U.S. taxpayers spent more than $145 billion on building an economy in Afghanistan but on Monday, less than a month after American troops left the country, a senior humanitarian official is warning that the state is on the brink of financial collapse.
The alarm will raise fresh questions about the way that vast amounts of U.S. cash were spent on the project of nation building.
‘If the economy collapses, even the most basic services will no longer function, and humanitarian needs will soar even higher,’ said Jan Egeland, secretary general of the Norwegian Refugee Council who previously served as the U.N.’s most senior humanitarian official, during a visit to Kabul.
‘Dealing with the liquidity crisis is critical as aid organisations seek to scale up to meet urgent humanitarian needs.
‘We are in a race against the clock to save lives before the harsh winter arrives and temperatures drop to as low as -20 Celsius.’
It was not meant to be like this. Successive American administrations spent hundreds of millions of dollars building a new Afghanistan state, complete with what was supposed to be a sustainable economy.
Men browse through cushions and carpets at a temporary second-hand market in Kabul’s Chaman-e-Huzuri neighbourhood on September 16, 2021. Dire warnings that Afghanistan’s economy is on the brink of collapse will raise fresh questions about how the U.S. spent $145 billion on building a new Afghan state only for it to stumble once foreign end was cut off
Women in burqas shop at a stall selling second-hand items at a market in Kabul
Figures collected by the U.S. Special Inspector General for Afghanistan Reconstruction show Washington alone spent $145 billion on rebuilding the country, on top of $837 billion in military support.
‘When you look at how much we spent and what we got for it, it’s mind-boggling,’ a U.S. Defense Department official told SIGAR in a report published last month.
Critics say the aid paid for infrastructure, such as roads and health facilities, but did not build a vigorous private sector.
Now that donor governments have turned off aid payments to the country’s new Taliban rulers, there is nothing left, according to Salma Alokozai, who worked for the Kabul government’s finance and education ministries until its fall last month.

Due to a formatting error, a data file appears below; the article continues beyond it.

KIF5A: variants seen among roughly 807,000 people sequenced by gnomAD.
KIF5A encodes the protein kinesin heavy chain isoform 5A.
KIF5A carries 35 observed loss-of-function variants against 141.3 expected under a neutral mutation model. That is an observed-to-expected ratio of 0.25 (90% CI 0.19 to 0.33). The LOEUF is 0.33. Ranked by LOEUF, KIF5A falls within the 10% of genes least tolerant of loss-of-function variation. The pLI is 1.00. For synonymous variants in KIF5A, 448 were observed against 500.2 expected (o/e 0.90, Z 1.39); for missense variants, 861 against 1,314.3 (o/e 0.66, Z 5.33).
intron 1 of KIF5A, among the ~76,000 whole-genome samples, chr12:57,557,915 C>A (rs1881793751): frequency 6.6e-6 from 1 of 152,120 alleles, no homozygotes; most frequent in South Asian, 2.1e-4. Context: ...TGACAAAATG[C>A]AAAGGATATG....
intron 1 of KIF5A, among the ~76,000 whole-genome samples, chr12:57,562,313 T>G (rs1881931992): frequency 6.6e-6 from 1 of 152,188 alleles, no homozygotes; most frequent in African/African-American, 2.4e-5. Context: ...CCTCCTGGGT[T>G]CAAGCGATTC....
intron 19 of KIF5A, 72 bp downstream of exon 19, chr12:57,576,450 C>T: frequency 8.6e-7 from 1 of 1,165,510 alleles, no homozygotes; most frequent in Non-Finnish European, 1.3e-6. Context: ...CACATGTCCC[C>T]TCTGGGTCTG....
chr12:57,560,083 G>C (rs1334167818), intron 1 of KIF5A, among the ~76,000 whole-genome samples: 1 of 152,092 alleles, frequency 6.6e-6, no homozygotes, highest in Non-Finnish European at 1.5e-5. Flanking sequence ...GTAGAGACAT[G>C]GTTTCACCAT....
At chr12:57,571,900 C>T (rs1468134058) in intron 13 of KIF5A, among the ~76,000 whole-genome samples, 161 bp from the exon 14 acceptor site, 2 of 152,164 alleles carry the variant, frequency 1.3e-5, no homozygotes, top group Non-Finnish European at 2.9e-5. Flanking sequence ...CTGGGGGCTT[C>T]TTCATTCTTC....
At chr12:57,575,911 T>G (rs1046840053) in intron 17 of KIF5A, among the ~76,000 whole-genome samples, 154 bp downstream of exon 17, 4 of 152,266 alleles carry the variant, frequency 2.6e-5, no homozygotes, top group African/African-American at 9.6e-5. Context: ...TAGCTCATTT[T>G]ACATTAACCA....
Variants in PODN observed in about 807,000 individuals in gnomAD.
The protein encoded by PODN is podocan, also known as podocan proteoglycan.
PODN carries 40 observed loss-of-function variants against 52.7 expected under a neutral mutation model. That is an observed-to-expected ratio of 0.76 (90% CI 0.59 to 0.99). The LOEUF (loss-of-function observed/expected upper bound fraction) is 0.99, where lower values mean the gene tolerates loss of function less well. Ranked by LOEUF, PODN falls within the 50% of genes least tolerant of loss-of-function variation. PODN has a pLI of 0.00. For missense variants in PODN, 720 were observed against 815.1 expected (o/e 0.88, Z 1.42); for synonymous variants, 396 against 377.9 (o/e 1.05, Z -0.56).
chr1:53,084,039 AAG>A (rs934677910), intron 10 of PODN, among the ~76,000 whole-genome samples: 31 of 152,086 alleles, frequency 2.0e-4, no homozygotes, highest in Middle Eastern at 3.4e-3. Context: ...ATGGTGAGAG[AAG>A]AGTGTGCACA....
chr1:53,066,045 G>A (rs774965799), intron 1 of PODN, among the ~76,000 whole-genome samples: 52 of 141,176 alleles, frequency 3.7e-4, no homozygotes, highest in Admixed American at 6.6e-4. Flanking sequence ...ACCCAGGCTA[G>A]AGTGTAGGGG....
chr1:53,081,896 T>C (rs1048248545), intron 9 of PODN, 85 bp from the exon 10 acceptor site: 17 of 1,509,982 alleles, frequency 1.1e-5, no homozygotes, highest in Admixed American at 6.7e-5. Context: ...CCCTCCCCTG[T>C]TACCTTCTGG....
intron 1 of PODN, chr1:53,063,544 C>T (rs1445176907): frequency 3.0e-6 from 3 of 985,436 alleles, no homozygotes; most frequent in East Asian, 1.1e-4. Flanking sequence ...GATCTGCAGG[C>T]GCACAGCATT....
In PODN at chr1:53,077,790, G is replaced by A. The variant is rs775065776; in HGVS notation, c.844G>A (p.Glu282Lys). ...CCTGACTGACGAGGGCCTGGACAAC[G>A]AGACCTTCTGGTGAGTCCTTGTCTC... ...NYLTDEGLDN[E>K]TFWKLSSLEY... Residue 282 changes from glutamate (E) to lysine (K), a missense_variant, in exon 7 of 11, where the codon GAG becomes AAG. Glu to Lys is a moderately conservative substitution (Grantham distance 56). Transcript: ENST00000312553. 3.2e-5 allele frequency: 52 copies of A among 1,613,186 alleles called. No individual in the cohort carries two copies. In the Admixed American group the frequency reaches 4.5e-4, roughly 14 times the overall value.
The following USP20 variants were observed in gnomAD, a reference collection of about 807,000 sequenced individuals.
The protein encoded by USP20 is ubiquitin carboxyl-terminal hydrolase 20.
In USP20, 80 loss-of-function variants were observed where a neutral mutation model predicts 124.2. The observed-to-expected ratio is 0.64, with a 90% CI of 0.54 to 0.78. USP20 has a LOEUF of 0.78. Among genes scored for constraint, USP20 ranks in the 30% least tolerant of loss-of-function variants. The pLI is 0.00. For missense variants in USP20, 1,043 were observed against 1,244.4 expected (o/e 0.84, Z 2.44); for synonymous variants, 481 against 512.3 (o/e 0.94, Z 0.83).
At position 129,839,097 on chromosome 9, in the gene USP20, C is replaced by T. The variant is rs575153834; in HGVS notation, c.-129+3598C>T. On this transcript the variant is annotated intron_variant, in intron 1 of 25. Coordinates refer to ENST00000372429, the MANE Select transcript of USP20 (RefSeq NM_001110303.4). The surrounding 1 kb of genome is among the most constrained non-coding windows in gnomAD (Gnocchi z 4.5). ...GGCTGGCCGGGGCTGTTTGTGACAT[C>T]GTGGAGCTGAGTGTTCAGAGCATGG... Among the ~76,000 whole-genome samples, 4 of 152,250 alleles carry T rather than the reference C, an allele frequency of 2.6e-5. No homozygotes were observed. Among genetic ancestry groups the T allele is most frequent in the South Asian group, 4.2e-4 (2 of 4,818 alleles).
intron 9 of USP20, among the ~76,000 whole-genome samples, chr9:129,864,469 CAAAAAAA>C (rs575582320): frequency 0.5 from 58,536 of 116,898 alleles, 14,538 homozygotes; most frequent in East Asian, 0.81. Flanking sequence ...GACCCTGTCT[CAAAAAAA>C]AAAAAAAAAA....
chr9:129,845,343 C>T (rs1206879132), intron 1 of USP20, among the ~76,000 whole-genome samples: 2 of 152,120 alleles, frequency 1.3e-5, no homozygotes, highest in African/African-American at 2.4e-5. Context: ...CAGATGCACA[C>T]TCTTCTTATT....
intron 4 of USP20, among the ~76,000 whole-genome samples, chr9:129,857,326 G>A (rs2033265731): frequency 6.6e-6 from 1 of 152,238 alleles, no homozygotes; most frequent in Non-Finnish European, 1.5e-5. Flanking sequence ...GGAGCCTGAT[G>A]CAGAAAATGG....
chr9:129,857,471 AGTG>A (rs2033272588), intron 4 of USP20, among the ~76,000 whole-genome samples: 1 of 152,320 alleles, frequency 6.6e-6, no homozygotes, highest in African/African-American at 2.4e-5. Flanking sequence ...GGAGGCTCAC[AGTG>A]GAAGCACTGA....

‘When aid was there, we were able to pay salaries, buy electricity and we were able to fund our national army,’ he told the Wall Street Journal.
‘The private sector was doing fine. Right now, there is no private sector, and there is no aid money.’
Billions of dollars in central bank assets held abroad have also been frozen, which has heaped further pressure on the banking system and stifled the economy.
Reports by the SIGAR watchdog, set up by Congress to monitor spending, paint a picture of misstep after misstep.
Some of the starkest failures came in agriculture, including efforts to persuade Afghan farmers to plant things other than opium poppies
In one project, U.S. money was used to build irrigation channels for hundreds of square miles of arable land in the hope that it would turn farmers on to legal crops.
It simply led to increased poppy production – more than doubling in one area studied, according to the watchdog.
Overall, SIGAR found that $2 billion in U.S. spending made almost no impact on agricultural production over the past two decades.
Attempts to persuade farmers to ditch opium in favor of saffron, pine nuts or cotton made little headway.
A Taliban fighter stands guard near Zanbaq Square in Kabul. Their rapid advance across the country saw them take over the capital last month but they face a spiralling economic crisis
A scene from Kabul’s central market. Aid officials are warning of humanitarian crisis if the country does not get urgent help to prop up its economy
Efforts to stimulate Afghanistan’s agriculture production had little impact despite costing billions of dollars, according to watchdog reports
And efforts to promote soybean production appeared to be in vain. In 2010 the U.S. Department for Agriculture paid the American Soybean Association to introduce soybeans to Afghanistan’s farmers even though a later study by the UK concluded that the crop was ill-suited to the Afghan farming system, according to SIGAR.
Its final lessons learned report last month concluded that time and again U.S. officials failed to understand the local, Afghan context.
‘The U.S. government’s misreading of the Afghan social and political environment meant that initiatives designed to stabilize and rehabilitate the country were poorly adapted to the local context,’ it said.
‘Programs to improve the economy were particularly vulnerable to the machinations and predation of Afghan powerbrokers.’
At times, Washington’s attempts at economic reconstruction were incoherent, such as trying to root at corruption at the same time as jumpstarting the economy by injecting billions of dollars into it, the report found.
Michael McKinley, U.S. ambassador to Afghanistan from 2014 to 2016, told the Wall Street Journal: ‘On balance, nation-building in Afghanistan was not a success.’